'30 Rock' series finale recap: 10 best moments from 'Hogcock!' and 'Last Lunch'

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30-rock-series-finale-kenneth-jack-mcbrayer-nbc.jpgHow do you end a series like "30 Rock"? Apparently by never losing sight of the surreal humor and TV industry satire, while also realizing that after seven seasons your audience has come to care about the core characters enough that emotional catharsis is possible.

The ultimate message of "30 Rock": You don't have to sacrifice the silly to get the sentiment, but you may have to sacrifice a broad audience for the sake of quality. "30 Rock" evolved into a cartoon over the past few seasons, but also managed to completely reclaim its identity and end on its own terms. It leaves the air as a model for what TV comedy is capable of when everyone involved cares about the work they're doing.

There was stray brilliance all over the place in the final hour (Liz's Yoda impression; Jenna admitting she's never met Mickey Rourke; Liz telling Jonathan: "You were in a wedding dress dancing with one of his suits"; Jack's "I'm going to crush this problem with my ASS"; Grizz's sit-com spinoff; Liz's vendetta against Tom Colicchio; the GothamMoms.com posts; Jack's "I spent Christmas alone in the Hamptons drinking scotch and throwing firecrackers at Billy Joel's dog"; Jenna's "Acting is all cheap tricks any child or monkey could do"; Liz's "I hope Don goes to work for Peggy!"; and on and on) and maybe you loved seeing one last horrible Lutz subplot.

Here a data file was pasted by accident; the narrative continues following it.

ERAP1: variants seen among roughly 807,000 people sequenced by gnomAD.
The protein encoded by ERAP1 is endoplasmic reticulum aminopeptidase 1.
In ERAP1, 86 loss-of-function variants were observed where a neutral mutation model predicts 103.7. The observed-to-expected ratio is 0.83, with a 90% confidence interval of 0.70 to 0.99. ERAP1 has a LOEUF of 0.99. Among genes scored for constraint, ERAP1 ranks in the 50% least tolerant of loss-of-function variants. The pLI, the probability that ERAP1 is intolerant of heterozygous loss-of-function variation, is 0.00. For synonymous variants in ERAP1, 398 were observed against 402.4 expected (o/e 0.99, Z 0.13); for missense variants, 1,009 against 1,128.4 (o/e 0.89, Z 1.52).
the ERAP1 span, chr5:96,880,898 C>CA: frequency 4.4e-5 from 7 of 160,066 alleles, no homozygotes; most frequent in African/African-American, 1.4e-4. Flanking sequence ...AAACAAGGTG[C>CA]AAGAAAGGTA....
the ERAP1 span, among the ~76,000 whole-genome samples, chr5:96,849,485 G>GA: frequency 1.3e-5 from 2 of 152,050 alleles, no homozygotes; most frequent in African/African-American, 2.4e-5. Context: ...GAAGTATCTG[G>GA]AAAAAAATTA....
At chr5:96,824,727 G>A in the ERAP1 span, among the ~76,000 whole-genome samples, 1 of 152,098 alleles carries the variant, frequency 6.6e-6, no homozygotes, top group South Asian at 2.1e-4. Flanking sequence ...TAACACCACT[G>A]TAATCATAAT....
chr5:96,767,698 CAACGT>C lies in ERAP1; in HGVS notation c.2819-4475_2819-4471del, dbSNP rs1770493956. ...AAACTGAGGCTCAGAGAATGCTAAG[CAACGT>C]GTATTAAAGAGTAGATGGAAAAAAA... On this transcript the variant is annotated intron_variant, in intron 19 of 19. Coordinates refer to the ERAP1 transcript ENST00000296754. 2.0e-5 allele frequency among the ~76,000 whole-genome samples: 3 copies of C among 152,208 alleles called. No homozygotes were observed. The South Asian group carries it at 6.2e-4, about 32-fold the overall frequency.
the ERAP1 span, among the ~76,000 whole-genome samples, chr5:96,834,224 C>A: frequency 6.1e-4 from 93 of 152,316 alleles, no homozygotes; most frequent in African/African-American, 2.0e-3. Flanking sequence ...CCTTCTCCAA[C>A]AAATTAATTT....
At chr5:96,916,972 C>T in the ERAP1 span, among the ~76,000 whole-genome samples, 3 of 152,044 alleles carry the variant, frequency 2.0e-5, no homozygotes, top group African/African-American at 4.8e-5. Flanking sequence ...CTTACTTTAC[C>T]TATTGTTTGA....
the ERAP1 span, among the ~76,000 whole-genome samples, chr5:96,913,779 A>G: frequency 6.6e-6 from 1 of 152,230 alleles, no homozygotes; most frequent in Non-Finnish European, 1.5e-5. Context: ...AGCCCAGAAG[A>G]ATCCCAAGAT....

But those aren't on the top 10. Because these are:

scott-adsit-pete-hornberger-30-rock-series-finale-nbc.jpg 10) Pete fakes his death

Scott Adsit's Pete Hornberger probably isn't anyone's favorite "30 Rock" character. When Tracy tells him, "Goodbye Pete Pete, I will forget you," you can sympathize with the sentiment. But in a finale that wanted to do right by its core characters, Pete had a doozy of a subplot: elaborately detailing the plans to fake his own death and disappear from domineering wife Paula ( Paula Pell). Of course, in classic Hornberger fashion, it didn't work out the way Pete hoped.

9) Conan in the elevator

Liz never got over her bad break-up with Conan O'Brien. She won't even speak to him, poor guy.

8) Salma Hayek and Julianne Moore

O'Brien wasn't the only celebrity cameo in the finale. Nancy Pelosi made a game appearance railing against Jack on TV and Al Roker declared the block where 30 Rock is located a "snowicane" disaster area. But Jack's threeway relationship with exes Nancy (Moore) and Elisa (Hayek) was the best use of recurring guest stars and a final defiant refusal to neatly pair Jack off with a single love interest.